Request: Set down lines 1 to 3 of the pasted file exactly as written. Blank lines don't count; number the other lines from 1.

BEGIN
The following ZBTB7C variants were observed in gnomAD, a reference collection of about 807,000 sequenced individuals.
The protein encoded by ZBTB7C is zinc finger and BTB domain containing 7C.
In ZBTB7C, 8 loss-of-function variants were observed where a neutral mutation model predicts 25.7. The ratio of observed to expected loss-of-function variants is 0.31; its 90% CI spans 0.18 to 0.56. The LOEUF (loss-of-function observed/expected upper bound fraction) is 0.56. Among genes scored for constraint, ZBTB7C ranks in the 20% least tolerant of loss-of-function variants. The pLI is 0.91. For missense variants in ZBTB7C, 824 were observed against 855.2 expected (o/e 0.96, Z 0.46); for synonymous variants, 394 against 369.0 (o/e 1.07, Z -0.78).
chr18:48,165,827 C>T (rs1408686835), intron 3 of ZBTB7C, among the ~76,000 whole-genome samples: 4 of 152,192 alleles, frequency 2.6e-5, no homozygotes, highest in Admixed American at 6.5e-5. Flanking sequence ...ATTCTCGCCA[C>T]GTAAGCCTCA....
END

The following ZBTB7C variants were observed in gnomAD, a reference collection of about 807,000 sequenced individuals.
The protein encoded by ZBTB7C is zinc finger and BTB domain containing 7C.
In ZBTB7C, 8 loss-of-function variants were observed where a neutral mutation model predicts 25.7. The ratio of observed to expected loss-of-function variants is 0.31; its 90% CI spans 0.18 to 0.56. The LOEUF (loss-of-function observed/expected upper bound fraction) is 0.56. Among genes scored for constraint, ZBTB7C ranks in the 20% least tolerant of loss-of-function variants. The pLI is 0.91. For missense variants in ZBTB7C, 824 were observed against 855.2 expected (o/e 0.96, Z 0.46); for synonymous variants, 394 against 369.0 (o/e 1.07, Z -0.78).